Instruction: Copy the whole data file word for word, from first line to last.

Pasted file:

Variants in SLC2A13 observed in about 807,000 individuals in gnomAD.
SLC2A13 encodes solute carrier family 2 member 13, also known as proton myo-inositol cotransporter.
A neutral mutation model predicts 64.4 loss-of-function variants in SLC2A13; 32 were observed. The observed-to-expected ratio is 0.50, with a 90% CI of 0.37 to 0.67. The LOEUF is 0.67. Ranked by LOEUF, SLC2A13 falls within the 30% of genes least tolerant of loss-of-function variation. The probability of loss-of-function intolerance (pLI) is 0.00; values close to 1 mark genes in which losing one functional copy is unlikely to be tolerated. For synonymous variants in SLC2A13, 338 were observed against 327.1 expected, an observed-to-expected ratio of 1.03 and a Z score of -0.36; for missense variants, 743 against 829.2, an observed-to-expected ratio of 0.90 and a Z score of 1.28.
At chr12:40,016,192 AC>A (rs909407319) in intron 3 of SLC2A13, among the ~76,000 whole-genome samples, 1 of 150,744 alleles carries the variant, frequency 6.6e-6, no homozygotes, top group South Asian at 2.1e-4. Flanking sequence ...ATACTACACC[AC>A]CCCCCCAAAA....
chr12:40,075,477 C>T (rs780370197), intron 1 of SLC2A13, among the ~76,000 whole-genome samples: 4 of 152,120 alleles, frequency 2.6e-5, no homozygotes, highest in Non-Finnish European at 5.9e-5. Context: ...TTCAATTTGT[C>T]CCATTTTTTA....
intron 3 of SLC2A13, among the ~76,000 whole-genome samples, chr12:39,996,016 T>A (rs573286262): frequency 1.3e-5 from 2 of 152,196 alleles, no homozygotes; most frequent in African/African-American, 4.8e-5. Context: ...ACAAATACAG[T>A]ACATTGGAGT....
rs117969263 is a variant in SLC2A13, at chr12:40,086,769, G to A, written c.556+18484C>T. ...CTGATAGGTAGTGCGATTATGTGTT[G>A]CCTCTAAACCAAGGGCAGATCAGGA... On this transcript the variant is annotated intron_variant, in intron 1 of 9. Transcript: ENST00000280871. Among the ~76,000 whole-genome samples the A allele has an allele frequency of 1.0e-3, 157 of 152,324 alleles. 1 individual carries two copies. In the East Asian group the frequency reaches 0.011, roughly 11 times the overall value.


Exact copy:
Variants in SLC2A13 observed in about 807,000 individuals in gnomAD.
SLC2A13 encodes solute carrier family 2 member 13, also known as proton myo-inositol cotransporter.
A neutral mutation model predicts 64.4 loss-of-function variants in SLC2A13; 32 were observed. The observed-to-expected ratio is 0.50, with a 90% CI of 0.37 to 0.67. The LOEUF is 0.67. Ranked by LOEUF, SLC2A13 falls within the 30% of genes least tolerant of loss-of-function variation. The probability of loss-of-function intolerance (pLI) is 0.00; values close to 1 mark genes in which losing one functional copy is unlikely to be tolerated. For synonymous variants in SLC2A13, 338 were observed against 327.1 expected, an observed-to-expected ratio of 1.03 and a Z score of -0.36; for missense variants, 743 against 829.2, an observed-to-expected ratio of 0.90 and a Z score of 1.28.
At chr12:40,016,192 AC>A (rs909407319) in intron 3 of SLC2A13, among the ~76,000 whole-genome samples, 1 of 150,744 alleles carries the variant, frequency 6.6e-6, no homozygotes, top group South Asian at 2.1e-4. Flanking sequence ...ATACTACACC[AC>A]CCCCCCAAAA....
chr12:40,075,477 C>T (rs780370197), intron 1 of SLC2A13, among the ~76,000 whole-genome samples: 4 of 152,120 alleles, frequency 2.6e-5, no homozygotes, highest in Non-Finnish European at 5.9e-5. Context: ...TTCAATTTGT[C>T]CCATTTTTTA....
intron 3 of SLC2A13, among the ~76,000 whole-genome samples, chr12:39,996,016 T>A (rs573286262): frequency 1.3e-5 from 2 of 152,196 alleles, no homozygotes; most frequent in African/African-American, 4.8e-5. Context: ...ACAAATACAG[T>A]ACATTGGAGT....
rs117969263 is a variant in SLC2A13, at chr12:40,086,769, G to A, written c.556+18484C>T. ...CTGATAGGTAGTGCGATTATGTGTT[G>A]CCTCTAAACCAAGGGCAGATCAGGA... On this transcript the variant is annotated intron_variant, in intron 1 of 9. Transcript: ENST00000280871. Among the ~76,000 whole-genome samples the A allele has an allele frequency of 1.0e-3, 157 of 152,324 alleles. 1 individual carries two copies. In the East Asian group the frequency reaches 0.011, roughly 11 times the overall value.